The location of the brainstorming is important, too. It must be a location that encourages discussion. Asimov recommends,

Creativity Ingredient 2: Time

You can’t put creativity on a deadline. You need the time to wrestle with the ideas that, at first glance, seem outlandish. Uncertainty can be unbearable and we often rush to decisions just to avoid the discomfort. This reminds me of a quote from John Cleese where he says,

That quote comes from Cleese’s fantastic speech on creativity in 1991 which echoes many of the themes I present here. I highly recommend seeking out his video, it’s fantastic.

Creativity Ingredient 3: Trust

The idea that creation is embarrassing is an interesting statement that deserves some reflection. I can’t remember ever hearing it described that way, but I tend to agree. When confronted with a legitimately new idea most people’s response is not embrace. They will probably be polite, but in their head they are struggling with feelings of mockery, ridicule, and disgust for the foreign concept. That’s because the natural response to the truly incredible is incredulity. You either have to create an environment of trust, or be willing to endure embarrassment and hope you can win support.

Asimov’s observation that “being creative in public is bad” sounds old fashioned at first, like rules prohibiting women from wearing pants or forbidding elbows on the table. Creativity isn’t something civilized people do. I don’t think this is purely a symptom of Asimov’s time, however. Today we are just as guilty of forbidding creativity outside of specially defined locations. Creativity is only expected of people with certain job titles. We literally split the population in half believing myths of right-brain or left-brain people. Force a self-described left-brainer to attend a brainstorm session where there isn’t trust and the main emotion they will experience is embarrassment.

Creativity Ingredient 4: Play

I love that phrase, “the folly of creativeness.” It explains why children are so naturally creative, they are at ease in a state of play. Folly isn’t encouraged in adults. So we bring nerf guns and bean bags to our brainstorm sessions hoping to recreate the feeling of when we were kids, the time when we still believed anything was possible. I am all for injecting some fun into our meetings, but as Asimov notes, the creative devices can’t be forced, they need to develop naturally from the group.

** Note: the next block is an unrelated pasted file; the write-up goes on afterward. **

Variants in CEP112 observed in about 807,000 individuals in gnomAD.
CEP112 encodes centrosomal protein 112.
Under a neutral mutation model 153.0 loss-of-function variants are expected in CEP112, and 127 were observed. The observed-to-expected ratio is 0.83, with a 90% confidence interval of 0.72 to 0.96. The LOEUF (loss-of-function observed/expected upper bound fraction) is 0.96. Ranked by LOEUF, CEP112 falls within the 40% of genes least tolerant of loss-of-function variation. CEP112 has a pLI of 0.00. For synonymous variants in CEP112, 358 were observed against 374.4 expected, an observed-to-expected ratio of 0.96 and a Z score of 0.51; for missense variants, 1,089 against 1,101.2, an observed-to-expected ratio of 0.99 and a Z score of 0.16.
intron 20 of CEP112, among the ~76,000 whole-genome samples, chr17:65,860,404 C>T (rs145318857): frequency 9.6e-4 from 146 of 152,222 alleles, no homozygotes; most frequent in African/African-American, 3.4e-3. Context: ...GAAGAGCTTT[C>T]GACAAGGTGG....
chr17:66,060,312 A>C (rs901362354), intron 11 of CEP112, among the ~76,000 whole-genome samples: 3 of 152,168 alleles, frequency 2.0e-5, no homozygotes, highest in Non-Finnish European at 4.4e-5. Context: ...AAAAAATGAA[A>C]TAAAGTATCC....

Creativity Ingredient 5: Inspiration

If you don’t know the story of Friedrich Kekule (I didn’t), he was an organic chemist who invented the notation that we used in chemistry class to map out complex molecules. Kekule’s breakthrough came to him in a dream where a snake swallowed its own tail. It is a wonderful example of how unpredictable inspiration is. You never know how or when it will hit you.

In Art of the Living Dead I tell the story of Robert Goddard, the father of modern rocketry. Similar to Kekule’s dream, Goddard’s inspiration came to him in a vision when he was seventeen. Goddard described it like this,

An abundance of space, time, trust, and play can’t guarantee success, if you lack inspiration. Without it you can’t begin. Waiting around for it to hit you can be excruciating. You can cram all the creative people you know in a room, but there is no guarantee that inspiration will attend your brainstorm.

Thanks for reading. Be sure to check out Part 2 of this post where Asimov talks about Fame, Fortune, and Creative Breakthrough, the false ingredients that can poison a well-intentioned creative environment.

Adrian Hanft is the Author of Art of the Living Dead. If you enjoyed this post, you’ll love the book. If you want a taste, start here.